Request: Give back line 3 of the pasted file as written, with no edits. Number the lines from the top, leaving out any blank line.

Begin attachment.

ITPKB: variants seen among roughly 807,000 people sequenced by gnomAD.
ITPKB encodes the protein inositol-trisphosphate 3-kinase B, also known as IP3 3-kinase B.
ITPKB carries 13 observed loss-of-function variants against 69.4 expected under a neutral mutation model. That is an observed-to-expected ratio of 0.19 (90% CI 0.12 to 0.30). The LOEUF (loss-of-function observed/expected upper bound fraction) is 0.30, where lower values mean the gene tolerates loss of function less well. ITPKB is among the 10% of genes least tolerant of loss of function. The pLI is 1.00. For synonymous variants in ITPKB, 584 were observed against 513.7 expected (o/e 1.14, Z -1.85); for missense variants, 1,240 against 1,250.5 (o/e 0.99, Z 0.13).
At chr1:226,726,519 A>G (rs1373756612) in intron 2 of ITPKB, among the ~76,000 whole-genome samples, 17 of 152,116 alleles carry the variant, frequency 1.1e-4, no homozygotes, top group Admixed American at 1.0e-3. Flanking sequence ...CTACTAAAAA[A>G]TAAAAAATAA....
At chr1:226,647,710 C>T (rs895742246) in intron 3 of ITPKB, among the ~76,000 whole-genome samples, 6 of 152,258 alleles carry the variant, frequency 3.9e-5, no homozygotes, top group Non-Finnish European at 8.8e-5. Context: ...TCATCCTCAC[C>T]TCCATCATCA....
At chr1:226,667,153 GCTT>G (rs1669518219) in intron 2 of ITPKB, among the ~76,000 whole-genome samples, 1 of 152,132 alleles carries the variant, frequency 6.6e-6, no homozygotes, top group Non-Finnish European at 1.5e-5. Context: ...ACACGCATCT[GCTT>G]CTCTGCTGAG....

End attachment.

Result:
ITPKB carries 13 observed loss-of-function variants against 69.4 expected under a neutral mutation model. That is an observed-to-expected ratio of 0.19 (90% CI 0.12 to 0.30). The LOEUF (loss-of-function observed/expected upper bound fraction) is 0.30, where lower values mean the gene tolerates loss of function less well. ITPKB is among the 10% of genes least tolerant of loss of function. The pLI is 1.00. For synonymous variants in ITPKB, 584 were observed against 513.7 expected (o/e 1.14, Z -1.85); for missense variants, 1,240 against 1,250.5 (o/e 0.99, Z 0.13).